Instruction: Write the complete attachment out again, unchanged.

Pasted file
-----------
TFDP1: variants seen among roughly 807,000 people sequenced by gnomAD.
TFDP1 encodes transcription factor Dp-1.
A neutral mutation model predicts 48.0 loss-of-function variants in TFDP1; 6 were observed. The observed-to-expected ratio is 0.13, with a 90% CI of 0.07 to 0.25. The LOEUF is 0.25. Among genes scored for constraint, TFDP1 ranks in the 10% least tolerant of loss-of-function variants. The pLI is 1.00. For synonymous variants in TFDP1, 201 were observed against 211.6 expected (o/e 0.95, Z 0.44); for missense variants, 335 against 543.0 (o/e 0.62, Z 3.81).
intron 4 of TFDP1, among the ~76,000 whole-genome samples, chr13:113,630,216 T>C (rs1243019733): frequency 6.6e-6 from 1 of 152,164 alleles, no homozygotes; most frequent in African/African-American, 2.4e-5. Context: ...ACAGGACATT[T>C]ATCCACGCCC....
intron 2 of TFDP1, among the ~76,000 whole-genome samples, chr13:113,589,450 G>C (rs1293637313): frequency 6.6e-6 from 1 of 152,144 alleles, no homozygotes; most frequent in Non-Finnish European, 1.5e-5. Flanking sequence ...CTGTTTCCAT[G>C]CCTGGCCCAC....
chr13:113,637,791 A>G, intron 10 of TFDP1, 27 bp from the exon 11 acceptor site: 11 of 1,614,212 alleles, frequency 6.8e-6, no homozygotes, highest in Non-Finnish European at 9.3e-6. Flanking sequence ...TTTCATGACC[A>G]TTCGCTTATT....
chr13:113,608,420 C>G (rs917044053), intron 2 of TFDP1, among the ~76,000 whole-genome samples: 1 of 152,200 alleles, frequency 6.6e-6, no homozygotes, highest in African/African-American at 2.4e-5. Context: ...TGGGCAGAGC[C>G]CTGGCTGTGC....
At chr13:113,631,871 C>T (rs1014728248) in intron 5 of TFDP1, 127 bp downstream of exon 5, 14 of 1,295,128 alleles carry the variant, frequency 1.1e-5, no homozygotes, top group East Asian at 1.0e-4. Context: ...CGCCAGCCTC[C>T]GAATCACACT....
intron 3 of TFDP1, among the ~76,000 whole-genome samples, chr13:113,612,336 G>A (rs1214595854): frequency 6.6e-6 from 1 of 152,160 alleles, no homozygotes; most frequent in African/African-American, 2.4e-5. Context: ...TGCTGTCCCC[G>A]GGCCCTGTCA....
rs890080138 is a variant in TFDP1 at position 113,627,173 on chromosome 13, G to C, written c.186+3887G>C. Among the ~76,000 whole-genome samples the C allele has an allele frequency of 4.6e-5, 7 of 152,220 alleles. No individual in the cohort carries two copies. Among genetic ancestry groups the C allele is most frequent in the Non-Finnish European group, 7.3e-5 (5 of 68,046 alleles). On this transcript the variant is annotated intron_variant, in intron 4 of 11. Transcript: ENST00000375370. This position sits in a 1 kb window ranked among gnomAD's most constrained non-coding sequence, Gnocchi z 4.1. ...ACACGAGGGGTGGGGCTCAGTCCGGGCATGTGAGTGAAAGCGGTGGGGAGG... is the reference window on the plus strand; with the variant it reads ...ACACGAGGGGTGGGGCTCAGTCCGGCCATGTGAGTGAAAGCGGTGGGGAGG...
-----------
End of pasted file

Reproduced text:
TFDP1: variants seen among roughly 807,000 people sequenced by gnomAD.
TFDP1 encodes transcription factor Dp-1.
A neutral mutation model predicts 48.0 loss-of-function variants in TFDP1; 6 were observed. The observed-to-expected ratio is 0.13, with a 90% CI of 0.07 to 0.25. The LOEUF is 0.25. Among genes scored for constraint, TFDP1 ranks in the 10% least tolerant of loss-of-function variants. The pLI is 1.00. For synonymous variants in TFDP1, 201 were observed against 211.6 expected (o/e 0.95, Z 0.44); for missense variants, 335 against 543.0 (o/e 0.62, Z 3.81).
intron 4 of TFDP1, among the ~76,000 whole-genome samples, chr13:113,630,216 T>C (rs1243019733): frequency 6.6e-6 from 1 of 152,164 alleles, no homozygotes; most frequent in African/African-American, 2.4e-5. Context: ...ACAGGACATT[T>C]ATCCACGCCC....
intron 2 of TFDP1, among the ~76,000 whole-genome samples, chr13:113,589,450 G>C (rs1293637313): frequency 6.6e-6 from 1 of 152,144 alleles, no homozygotes; most frequent in Non-Finnish European, 1.5e-5. Flanking sequence ...CTGTTTCCAT[G>C]CCTGGCCCAC....
chr13:113,637,791 A>G, intron 10 of TFDP1, 27 bp from the exon 11 acceptor site: 11 of 1,614,212 alleles, frequency 6.8e-6, no homozygotes, highest in Non-Finnish European at 9.3e-6. Flanking sequence ...TTTCATGACC[A>G]TTCGCTTATT....
chr13:113,608,420 C>G (rs917044053), intron 2 of TFDP1, among the ~76,000 whole-genome samples: 1 of 152,200 alleles, frequency 6.6e-6, no homozygotes, highest in African/African-American at 2.4e-5. Context: ...TGGGCAGAGC[C>G]CTGGCTGTGC....
At chr13:113,631,871 C>T (rs1014728248) in intron 5 of TFDP1, 127 bp downstream of exon 5, 14 of 1,295,128 alleles carry the variant, frequency 1.1e-5, no homozygotes, top group East Asian at 1.0e-4. Context: ...CGCCAGCCTC[C>T]GAATCACACT....
intron 3 of TFDP1, among the ~76,000 whole-genome samples, chr13:113,612,336 G>A (rs1214595854): frequency 6.6e-6 from 1 of 152,160 alleles, no homozygotes; most frequent in African/African-American, 2.4e-5. Context: ...TGCTGTCCCC[G>A]GGCCCTGTCA....
rs890080138 is a variant in TFDP1 at position 113,627,173 on chromosome 13, G to C, written c.186+3887G>C. Among the ~76,000 whole-genome samples the C allele has an allele frequency of 4.6e-5, 7 of 152,220 alleles. No individual in the cohort carries two copies. Among genetic ancestry groups the C allele is most frequent in the Non-Finnish European group, 7.3e-5 (5 of 68,046 alleles). On this transcript the variant is annotated intron_variant, in intron 4 of 11. Transcript: ENST00000375370. This position sits in a 1 kb window ranked among gnomAD's most constrained non-coding sequence, Gnocchi z 4.1. ...ACACGAGGGGTGGGGCTCAGTCCGGGCATGTGAGTGAAAGCGGTGGGGAGG... is the reference window on the plus strand; with the variant it reads ...ACACGAGGGGTGGGGCTCAGTCCGGCCATGTGAGTGAAAGCGGTGGGGAGG...